Chats with Selected Artist Rhona Taylor
May 20, 2016
Question 1: How did you get to where you are now?
I studied painting at Edinburgh College of Art — I went there as a mature student but had always painted and made other work before that. My work’s changed a lot since I left ECA in 2013, and I now do more three-dimensional stuff and bigger installations whenever I get the chance. I recently moved into a new studio in Leith, and I also do some work at Edinburgh printmakers, and have recently started working in wood, mainly over in Glasgow. I’m always on the lookout for unusual opportunities that interest me, and I spend more time than I’d like applying for exhibitions, funding and residencies.
Question 2: What is your thought process and/or the material process behind your work?
All the work I make is about places in one way or another, so things usually start with spending time somewhere. I’m especially interested in how people relate to places and how they shape identity, so I’ll spend time speaking to people and finding out about the history of a place. I take a lot of photos and do a lot of drawing, and have recently started using film. I usually have a few things on the go at once, for example a large-scale drawing or painting and some smaller pieces, and I work on them together.
Something I’m doing at the moment that is having a really big effect on my studio work is learning to build traditional wooden boats with GalGael, a charity in Glasgow. As well as the subject matter, all the processes involved are also finding their way into my work. Even just working with different materials and tools in such a precise way has changed things a lot for me. I’m quite excited about how that’s going to develop.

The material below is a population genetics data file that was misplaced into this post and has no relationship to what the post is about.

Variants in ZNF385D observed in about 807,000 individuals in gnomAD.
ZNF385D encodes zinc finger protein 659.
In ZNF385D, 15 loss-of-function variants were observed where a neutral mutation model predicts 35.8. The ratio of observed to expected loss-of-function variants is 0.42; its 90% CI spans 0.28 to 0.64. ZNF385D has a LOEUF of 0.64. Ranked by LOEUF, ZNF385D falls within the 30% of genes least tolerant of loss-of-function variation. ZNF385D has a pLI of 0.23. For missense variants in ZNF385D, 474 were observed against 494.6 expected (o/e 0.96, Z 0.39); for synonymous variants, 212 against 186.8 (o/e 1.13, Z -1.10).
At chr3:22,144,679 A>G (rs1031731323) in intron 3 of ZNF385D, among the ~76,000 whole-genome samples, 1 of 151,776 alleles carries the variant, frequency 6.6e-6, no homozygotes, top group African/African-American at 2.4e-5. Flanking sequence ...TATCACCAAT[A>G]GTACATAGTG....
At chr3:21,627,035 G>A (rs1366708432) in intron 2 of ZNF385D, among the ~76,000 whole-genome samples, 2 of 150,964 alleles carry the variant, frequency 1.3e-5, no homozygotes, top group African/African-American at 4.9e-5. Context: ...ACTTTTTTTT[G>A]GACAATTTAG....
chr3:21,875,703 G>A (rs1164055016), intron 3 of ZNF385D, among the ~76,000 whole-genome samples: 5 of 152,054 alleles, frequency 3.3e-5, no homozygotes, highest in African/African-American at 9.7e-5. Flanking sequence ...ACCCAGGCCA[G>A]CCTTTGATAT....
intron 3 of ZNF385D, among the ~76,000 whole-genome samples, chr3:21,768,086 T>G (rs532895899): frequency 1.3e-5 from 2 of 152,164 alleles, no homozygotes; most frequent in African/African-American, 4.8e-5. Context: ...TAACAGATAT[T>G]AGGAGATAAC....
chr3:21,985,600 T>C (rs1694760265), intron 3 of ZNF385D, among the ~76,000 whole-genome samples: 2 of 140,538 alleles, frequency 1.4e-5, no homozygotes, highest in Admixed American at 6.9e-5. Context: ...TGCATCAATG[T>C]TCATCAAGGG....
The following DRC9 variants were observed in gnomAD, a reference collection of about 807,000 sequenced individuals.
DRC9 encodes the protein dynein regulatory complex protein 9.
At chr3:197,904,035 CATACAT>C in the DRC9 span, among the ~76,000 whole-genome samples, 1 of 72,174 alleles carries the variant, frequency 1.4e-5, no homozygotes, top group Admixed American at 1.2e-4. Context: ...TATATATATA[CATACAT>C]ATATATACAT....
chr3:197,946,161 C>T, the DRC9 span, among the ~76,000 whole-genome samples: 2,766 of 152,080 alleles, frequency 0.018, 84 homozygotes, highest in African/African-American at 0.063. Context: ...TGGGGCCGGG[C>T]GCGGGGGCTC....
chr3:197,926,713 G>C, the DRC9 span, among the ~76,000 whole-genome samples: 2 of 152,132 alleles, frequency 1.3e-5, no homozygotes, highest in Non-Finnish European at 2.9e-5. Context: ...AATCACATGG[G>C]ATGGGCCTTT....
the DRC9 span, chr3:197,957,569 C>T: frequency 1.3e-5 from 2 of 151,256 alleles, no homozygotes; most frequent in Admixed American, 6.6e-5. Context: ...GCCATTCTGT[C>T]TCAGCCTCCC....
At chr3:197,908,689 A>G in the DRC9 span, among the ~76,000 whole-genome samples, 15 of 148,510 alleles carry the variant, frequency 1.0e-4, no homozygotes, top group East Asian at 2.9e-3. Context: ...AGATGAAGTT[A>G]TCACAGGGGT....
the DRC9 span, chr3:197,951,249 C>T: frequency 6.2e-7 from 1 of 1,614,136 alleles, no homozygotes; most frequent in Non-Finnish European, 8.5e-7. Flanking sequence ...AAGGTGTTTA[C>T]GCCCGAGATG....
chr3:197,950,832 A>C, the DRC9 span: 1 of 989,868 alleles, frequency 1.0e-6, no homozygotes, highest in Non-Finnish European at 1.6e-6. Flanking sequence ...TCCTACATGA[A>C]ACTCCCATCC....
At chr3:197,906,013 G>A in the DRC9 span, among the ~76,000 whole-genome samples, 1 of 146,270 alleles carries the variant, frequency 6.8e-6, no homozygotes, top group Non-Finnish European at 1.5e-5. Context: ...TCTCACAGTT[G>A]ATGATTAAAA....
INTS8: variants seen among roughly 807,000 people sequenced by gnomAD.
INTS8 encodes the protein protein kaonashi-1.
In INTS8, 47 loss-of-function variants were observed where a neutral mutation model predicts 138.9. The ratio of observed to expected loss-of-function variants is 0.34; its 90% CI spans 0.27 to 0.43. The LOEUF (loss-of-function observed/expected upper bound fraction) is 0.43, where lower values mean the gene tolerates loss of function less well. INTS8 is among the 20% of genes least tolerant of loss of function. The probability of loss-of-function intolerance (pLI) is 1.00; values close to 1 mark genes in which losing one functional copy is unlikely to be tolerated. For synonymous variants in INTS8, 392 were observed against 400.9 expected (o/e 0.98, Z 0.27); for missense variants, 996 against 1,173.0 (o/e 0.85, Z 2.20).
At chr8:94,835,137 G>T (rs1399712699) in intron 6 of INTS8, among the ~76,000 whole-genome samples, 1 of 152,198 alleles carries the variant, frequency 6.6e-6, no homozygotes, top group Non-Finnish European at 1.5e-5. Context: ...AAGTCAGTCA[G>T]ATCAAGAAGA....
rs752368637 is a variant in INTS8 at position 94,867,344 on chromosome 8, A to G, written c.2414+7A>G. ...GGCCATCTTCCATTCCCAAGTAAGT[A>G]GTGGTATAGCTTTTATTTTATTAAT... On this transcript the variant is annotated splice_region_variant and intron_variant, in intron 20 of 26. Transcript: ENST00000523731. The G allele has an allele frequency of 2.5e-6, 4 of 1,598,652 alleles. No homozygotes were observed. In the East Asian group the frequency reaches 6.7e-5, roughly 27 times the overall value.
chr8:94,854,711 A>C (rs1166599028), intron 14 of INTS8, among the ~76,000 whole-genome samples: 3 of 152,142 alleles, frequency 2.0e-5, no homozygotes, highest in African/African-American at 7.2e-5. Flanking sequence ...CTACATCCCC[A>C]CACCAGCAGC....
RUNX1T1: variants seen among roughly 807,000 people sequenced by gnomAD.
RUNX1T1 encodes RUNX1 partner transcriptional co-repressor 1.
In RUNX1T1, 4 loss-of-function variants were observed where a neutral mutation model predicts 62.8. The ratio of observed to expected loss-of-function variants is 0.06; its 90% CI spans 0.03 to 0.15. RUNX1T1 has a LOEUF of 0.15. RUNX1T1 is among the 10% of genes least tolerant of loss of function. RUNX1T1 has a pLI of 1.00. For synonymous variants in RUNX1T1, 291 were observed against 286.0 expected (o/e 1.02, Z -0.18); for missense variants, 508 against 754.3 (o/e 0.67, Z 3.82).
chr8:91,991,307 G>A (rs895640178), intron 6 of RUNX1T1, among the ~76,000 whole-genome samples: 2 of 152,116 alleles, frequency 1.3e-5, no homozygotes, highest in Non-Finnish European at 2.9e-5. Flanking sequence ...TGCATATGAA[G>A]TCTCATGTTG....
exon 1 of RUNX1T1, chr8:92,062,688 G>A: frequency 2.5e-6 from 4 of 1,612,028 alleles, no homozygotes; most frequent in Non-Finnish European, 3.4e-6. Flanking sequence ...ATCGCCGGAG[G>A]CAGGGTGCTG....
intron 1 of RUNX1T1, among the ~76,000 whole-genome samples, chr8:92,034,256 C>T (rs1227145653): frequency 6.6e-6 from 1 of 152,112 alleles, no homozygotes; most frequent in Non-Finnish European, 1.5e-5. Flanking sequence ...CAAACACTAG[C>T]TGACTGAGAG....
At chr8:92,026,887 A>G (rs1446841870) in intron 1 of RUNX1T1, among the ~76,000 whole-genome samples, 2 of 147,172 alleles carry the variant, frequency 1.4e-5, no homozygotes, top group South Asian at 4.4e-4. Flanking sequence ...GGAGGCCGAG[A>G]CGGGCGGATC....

Question 3: Have you ever gotten halfway through with a project or idea and changed direction and why?
Always! Whenever I start a piece of work, I’ll have a rough idea of how things might look or turn out, but that changes constantly, whether I’m doing a really small painting or something much bigger or three-dimensional. It’s partly about cause and effect — you can never predict exactly how something is going to look when you do it, and for me half the joy is not knowing what’s going to happen. I think especially if you’re doing something site-specific, things are bound to evolve and change as you go along, just by the very nature of it. And even more so with something like Hidden Door — there are so many interesting things going on and there’s such a buzz during the installation time that all that stuff is bound to feed into what you’re doing.
Question 4: What is your idea for Hidden Door 2016?
I’ll be developing the piece I did for last year’s festival, which was a painting installation (the red and yellow room up in the blue corridor, next to the cage room). This year I’ll be doing it on a bigger scale in one of the public areas, probably one of the bars. It’s great to be making work somewhere public that everyone will see it, but there are going to be some big challenges for making it — especially working around everyone else who are trying to do their stuff too.